NATO considers more peacekeeping troops for decades-old Kosovo mission
Stars and Stripes November 21, 2023
NATO is considering a permanent increase to its peacekeeping force in Kosovo, where tensions have been high in recent months, the alliance’s top official said Tuesday during a visit to Serbia.
NATO Secretary-General Jens Stoltenberg also warned Serbia to avoid another military buildup near its administrative border with Kosovo. Similar actions have contributed to elevated hostilities over the years.
The alliance’s multinational Kosovo Force mission began in 1999 and includes about 4,500 troops, including about 600 Americans, mostly from the National Guard. The mission typically rotates among Guard units every nine to 12 months.
Stoltenberg’s comments came during a swing through the Balkans, where a day earlier he was in Kosovo to meet with officials and alliance military members.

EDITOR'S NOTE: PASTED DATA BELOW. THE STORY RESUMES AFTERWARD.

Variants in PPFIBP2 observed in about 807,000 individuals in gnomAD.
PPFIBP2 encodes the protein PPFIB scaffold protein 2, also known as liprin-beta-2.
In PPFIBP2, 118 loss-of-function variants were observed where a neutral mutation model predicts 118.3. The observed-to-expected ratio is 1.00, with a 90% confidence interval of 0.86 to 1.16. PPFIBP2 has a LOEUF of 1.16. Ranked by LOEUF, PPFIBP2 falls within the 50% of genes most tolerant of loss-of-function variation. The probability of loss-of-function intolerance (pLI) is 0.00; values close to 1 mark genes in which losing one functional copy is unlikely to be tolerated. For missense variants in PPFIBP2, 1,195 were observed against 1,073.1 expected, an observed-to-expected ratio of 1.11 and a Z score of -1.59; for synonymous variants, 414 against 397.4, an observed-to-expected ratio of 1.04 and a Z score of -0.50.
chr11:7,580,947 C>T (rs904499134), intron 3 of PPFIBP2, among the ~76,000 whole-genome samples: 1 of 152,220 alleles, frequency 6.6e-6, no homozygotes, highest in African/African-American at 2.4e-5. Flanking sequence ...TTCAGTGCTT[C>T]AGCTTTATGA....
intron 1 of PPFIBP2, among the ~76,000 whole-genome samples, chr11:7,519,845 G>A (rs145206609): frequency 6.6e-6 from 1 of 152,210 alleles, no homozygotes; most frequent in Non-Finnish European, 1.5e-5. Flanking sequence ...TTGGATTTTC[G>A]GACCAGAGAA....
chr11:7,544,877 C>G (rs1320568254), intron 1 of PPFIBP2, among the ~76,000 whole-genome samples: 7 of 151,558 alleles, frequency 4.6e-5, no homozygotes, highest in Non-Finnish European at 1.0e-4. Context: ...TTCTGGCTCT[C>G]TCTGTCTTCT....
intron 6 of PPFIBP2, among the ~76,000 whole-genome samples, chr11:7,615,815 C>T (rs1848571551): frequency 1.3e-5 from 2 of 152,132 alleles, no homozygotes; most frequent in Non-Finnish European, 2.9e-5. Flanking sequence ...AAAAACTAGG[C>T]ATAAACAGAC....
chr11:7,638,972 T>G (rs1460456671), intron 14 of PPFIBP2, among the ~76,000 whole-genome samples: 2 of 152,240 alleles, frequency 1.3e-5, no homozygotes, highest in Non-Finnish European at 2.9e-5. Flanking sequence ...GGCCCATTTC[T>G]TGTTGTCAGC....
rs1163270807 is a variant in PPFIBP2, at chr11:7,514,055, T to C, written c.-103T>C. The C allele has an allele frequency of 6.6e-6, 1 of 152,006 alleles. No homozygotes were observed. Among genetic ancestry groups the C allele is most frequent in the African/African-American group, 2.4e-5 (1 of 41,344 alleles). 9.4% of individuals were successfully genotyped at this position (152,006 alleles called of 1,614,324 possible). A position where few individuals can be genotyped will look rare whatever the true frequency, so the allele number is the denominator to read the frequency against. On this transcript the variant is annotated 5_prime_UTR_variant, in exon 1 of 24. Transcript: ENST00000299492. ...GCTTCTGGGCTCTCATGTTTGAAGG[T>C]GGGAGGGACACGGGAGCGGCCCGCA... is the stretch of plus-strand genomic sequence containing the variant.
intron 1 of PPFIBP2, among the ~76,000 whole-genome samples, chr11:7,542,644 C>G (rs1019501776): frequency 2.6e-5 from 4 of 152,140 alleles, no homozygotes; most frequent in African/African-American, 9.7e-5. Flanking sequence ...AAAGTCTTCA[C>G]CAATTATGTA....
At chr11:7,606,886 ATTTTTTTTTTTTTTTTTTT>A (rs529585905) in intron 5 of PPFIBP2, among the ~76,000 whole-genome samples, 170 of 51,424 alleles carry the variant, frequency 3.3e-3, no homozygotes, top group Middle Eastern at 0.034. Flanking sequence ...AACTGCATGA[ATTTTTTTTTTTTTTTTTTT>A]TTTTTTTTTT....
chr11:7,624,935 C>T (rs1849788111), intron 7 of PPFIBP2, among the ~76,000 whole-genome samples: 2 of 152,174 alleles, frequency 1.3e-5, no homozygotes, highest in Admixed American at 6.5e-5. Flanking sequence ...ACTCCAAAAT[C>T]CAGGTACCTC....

“We are now reviewing whether we should have a more permanent increase to ensure that this doesn’t spiral out of control and create a new violent conflict in Kosovo or the wider region,” Stoltenberg said Monday.
He reiterated that point again Tuesday, speaking alongside Serbian President Aleksandar Vucic. While no final decisions have been made, NATO is looking at a “more enduring increased presence” for its mission in Kosovo, known as KFOR, Stoltenberg said.
Already, NATO has boosted the number of peacekeepers to its highest level in at least a decade in Kosovo, with about 1,000 additional troops now part of the KFOR mission. Those increases came after a Sept. 24 clash between Kosovo police and armed Serbs at a monastery in northern Kosovo.
While Kosovo’s ethnic Albanian majority declared independence from Serbia in 2008, tens of thousands of Serbs live in north Kosovo and align with Serbia, which does not recognize Kosovo’s declaration. That has led to repeated clashes over the years with Kosovo authorities and sometimes NATO peacekeepers.